fawns, blacks, blues and "spotted" ("gefleckt" or what
we call harlequins, although the spots may have been of
various hues). Nothing else was registered, other than
the occasional blue-brindle in the brindle section.
But in Vol. VIII he specified that the harlequin section
be for black-and-white harls only, and provided a
separate section for "andersfarbig gefleckt und Weisse"
(Other-color spotted and whites). This included quite a
few blue-and-white harls, whites, and merles;
"grey-black spotted," "porzellantiger," etc.
Vol. IX, which he had nearly finished organizing before
his untimely death, the section became simply "Other
Colors", and included the following besides
blue-and-white harls, etc.: Isabella, white-and-brown,
silver brindle, brown-spotted, blue with fawn,
blue-brindle, and "drappfarben."
Volume X continued the "Other Colors" section with many
of the same descriptions, plus a couple of fawn-white-spotteds.
From then on registrations were no longer divided by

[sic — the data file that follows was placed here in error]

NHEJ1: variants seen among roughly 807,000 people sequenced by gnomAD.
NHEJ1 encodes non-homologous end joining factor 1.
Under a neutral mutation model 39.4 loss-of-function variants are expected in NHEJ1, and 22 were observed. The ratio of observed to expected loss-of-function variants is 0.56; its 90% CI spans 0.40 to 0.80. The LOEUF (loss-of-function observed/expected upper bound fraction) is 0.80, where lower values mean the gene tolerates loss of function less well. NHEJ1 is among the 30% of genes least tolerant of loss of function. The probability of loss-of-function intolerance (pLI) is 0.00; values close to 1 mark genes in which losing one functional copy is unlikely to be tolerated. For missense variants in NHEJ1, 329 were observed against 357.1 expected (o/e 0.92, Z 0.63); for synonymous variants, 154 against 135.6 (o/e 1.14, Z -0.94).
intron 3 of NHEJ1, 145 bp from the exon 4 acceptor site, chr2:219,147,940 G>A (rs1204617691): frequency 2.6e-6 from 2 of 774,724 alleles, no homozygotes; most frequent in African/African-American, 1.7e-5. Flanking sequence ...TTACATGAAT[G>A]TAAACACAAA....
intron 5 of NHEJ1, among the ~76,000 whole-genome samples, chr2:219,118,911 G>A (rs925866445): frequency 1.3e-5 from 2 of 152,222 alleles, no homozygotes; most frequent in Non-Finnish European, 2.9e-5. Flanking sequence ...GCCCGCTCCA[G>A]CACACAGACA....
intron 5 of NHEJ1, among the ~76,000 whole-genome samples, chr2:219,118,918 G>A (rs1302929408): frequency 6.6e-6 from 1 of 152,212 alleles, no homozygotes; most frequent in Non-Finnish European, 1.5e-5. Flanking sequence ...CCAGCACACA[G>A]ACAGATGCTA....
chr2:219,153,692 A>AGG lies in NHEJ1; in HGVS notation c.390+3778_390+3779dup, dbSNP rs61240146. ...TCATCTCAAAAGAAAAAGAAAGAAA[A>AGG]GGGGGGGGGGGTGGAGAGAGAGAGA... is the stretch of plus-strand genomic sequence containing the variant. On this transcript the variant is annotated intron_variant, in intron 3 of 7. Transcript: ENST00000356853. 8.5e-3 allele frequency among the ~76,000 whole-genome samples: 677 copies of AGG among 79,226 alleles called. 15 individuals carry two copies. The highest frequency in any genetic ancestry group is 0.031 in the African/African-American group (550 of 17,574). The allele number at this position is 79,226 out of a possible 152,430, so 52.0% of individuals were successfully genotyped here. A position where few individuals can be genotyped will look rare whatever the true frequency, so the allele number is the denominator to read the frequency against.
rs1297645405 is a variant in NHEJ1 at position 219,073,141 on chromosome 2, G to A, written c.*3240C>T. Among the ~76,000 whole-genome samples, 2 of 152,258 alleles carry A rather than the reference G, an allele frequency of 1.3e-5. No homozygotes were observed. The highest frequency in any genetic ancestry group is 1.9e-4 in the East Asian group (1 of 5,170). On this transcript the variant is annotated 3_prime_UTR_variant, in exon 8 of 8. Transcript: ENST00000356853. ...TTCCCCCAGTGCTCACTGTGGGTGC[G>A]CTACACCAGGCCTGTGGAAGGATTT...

color, but by litters, and there were many different
colors and patterns.
Brown, in German Braun
Rehbraun, i.e. fawn-colour)
is rarely mentioned in the breed's history, although red and
yellow specifically are each used to describe typical colors
commonly seen. The term
(for fawn) is not recorded and
is used, it is separated from the usages of
and typically describes some "brown and white" or "brown"
offspring of harlequins; plus the term
seems to be only found in Germany
in the era between WWI & WWII."
The word "Braun" being used to
describe chocolate dogs of other breeds in Germany - even to
the present day. No question that "braun" meant "chocolate."
And since that's a fact - then it's also a fact that Chocolate